Transcription dosage compensation does not occur in Down syndrome. Journal Article uri icon



  • BACKGROUND: Trisomy 21, also known as Down syndrome, describes the genetic condition of having an extra copy of chromosome 21. The increase in DNA copy number has led to the "DNA dosage hypothesis", which claims that the level of gene transcription is proportional to the gene's DNA copy number. Yet many reports have suggested that a proportion of chromosome 21 genes are dosage compensated back towards typical expression levels (1.0x). In contrast, other reports suggest that dosage compensation is not a common mechanism of gene regulation in Trisomy 21, providing support to the DNA dosage hypothesis. RESULTS: In our work, we use both simulated and real data to dissect the elements of differential expression analysis that can lead to the appearance of dosage compensation even when compensation is demonstrably absent. Using lymphoblastoid cell lines derived from a family of an individual with Down syndrome, we demonstrate that dosage compensation is nearly absent at both nascent transcription (GRO-seq) and steady-state RNA (RNA-seq) levels. CONCLUSIONS: Transcriptional dosage compensation does not occur in Down syndrome. Simulated data containing no dosage compensation can appear to have dosage compensation when analyzed via standard methods. Moreover, some chromosome 21 genes that appear to be dosage compensated are consistent with allele specific expression.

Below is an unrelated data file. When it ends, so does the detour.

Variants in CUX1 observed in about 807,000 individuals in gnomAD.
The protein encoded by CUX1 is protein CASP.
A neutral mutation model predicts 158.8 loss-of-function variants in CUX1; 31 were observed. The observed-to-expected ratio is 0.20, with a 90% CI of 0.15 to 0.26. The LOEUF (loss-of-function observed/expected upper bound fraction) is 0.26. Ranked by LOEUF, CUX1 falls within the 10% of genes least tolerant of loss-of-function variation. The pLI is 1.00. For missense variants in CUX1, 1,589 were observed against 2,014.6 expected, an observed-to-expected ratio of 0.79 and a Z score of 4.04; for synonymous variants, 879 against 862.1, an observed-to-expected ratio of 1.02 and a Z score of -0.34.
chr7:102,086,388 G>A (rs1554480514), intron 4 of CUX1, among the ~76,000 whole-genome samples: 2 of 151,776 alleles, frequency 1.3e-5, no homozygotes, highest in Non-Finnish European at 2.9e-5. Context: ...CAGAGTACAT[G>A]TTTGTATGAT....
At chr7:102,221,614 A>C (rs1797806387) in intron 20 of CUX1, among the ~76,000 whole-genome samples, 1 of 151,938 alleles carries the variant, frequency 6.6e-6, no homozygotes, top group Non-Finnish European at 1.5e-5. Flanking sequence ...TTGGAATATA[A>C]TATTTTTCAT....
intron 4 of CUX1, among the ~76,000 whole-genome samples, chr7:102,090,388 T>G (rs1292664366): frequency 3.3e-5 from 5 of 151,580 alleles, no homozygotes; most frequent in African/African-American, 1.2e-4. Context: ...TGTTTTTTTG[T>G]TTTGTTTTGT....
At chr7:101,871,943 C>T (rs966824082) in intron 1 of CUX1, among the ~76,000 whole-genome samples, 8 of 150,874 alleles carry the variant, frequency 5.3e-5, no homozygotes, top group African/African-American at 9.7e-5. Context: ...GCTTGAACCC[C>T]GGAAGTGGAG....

publication date

  • June 9, 2023

has restriction

  • green

Date in CU Experts

  • June 21, 2023 3:49 AM

Full Author List

  • Hunter S; Dowell RD; Hendrix J; Freeman J; Allen MA

author count

  • 5

Other Profiles

Electronic International Standard Serial Number (EISSN)

  • 2692-8205